And then some of these side effects of these medications can be irreversible and in fact, result in death. And so an example of this is when these medications started really hitting the research, I had a lot of patients that signed up for a lot of these trials that were otherwise dealing with sort of ongoing managed disease processes.

But because they still had tumour burden on board, their doctors wanted to give it a, give it a good old try on these medications. And unfortunately many of those folks that come to the early research days, because we didn't understand the things that we're starting to understand today. Like I said, about 80% of the patients will have anywhere from a grade one to a grade four immune oversell at some numerous spots.

Five, ten cytokine release syndrome. It's often called CRS for short. not to be confused with the, can't remember to shoosh as many of us have gotten to know, but cytokine release syndrome is a large rapid release of cytokines, which are these immune substances that have many different actions in the body and may result in symptoms like fever and flu and nausea, aches and pains, sweats and chills, even down to low blood pressure crashes. autoimmune organ failure, such as liver issues, kidney issues, lung issues. All of this is secondary to immune therapy, including things like mistletoe, including things like these immune therapies we talked about. So we need and want to be very careful and cautious when we're looking at and dealing with cytokine release. There are various degrees of this and low dose naltrexone can be very helpful support for this process.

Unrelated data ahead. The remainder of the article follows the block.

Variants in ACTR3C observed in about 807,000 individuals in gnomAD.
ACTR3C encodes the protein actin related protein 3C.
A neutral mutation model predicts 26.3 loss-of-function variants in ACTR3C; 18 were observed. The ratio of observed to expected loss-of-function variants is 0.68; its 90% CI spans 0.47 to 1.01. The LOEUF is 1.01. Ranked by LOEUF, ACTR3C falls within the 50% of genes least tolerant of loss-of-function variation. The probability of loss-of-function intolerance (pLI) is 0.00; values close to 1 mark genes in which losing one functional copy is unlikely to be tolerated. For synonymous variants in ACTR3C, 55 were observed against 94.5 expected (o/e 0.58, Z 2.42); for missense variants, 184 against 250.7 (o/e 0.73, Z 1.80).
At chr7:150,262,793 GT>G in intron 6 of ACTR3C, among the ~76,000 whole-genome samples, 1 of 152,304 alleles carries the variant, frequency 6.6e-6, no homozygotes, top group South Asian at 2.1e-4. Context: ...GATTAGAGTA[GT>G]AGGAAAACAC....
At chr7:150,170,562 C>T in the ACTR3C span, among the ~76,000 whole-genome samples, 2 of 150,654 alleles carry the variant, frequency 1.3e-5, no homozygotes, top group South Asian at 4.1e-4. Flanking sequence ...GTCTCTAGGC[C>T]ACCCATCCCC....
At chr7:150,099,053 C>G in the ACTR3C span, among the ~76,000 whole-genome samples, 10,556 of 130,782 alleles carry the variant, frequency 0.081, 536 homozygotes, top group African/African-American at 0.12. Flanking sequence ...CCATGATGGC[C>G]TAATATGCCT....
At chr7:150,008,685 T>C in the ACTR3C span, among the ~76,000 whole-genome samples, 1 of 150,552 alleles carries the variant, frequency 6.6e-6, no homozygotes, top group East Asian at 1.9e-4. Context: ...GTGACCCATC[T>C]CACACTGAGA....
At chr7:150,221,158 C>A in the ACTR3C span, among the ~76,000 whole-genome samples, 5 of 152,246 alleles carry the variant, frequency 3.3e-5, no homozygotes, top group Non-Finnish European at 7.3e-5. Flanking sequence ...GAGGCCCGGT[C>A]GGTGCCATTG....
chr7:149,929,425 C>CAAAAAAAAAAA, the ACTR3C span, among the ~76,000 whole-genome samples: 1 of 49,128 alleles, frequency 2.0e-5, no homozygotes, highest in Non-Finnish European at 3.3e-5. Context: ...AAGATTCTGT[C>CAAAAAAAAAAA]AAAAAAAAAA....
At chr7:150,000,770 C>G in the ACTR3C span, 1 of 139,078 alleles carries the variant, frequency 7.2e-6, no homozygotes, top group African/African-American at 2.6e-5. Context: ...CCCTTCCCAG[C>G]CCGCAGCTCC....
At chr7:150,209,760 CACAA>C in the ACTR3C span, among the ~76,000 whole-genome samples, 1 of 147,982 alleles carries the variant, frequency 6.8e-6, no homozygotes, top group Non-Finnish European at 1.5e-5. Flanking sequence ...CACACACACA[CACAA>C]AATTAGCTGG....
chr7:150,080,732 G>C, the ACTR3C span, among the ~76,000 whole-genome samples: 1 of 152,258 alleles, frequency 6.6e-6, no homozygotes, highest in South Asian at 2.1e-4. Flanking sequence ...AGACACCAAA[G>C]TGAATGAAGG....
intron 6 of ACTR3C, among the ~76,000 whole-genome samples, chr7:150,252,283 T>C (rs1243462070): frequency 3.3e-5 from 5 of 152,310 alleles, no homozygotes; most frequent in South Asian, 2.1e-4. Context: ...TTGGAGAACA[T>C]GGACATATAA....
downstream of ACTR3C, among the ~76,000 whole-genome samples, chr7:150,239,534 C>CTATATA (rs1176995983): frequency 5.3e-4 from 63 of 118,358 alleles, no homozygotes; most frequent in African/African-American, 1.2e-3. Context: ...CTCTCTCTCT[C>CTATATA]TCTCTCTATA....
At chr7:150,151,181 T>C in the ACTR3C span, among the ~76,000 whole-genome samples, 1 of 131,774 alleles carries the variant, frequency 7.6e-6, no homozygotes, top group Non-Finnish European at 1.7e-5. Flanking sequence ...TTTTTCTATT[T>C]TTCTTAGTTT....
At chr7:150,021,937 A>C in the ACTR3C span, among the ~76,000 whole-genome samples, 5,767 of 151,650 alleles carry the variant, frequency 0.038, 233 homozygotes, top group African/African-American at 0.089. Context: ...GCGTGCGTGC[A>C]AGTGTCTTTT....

Slide number 11 is folks like Dr Tyler Jacks. He's a PhD at the Koch Institute for integrative cancer research at MIT. You know, a pretty smart guy here. You know, he talks about the problems of these very powerful, powerful therapies that are really starting to hit the market left and right. Initially, we use them more in therapy and not conditions like melanoma, very immunogenic type of cancers, but they're now starting to breach across all cancer types, all tissue types, all stages. And basically not discriminating on what type of cancer we're using them in.

But Dr. jacks, it goes on to say, that the challenge is that if you stimulate your immune system. It might get overstimulated, and it might actually start causing harms normal cells in the body. So we have to work a balance between attacking cancer and not attacking yourself. This will likely sound very familiar to all of us here in the low dose naltrexone camp because we have been utilizing this powerful therapy for many, many years now, especially in the autoimmune population. So wouldn't it makes sense that this drug, this off label drug could be a very helpful ally with these very powerful, potent chemotherapy, immunotherapy treatments.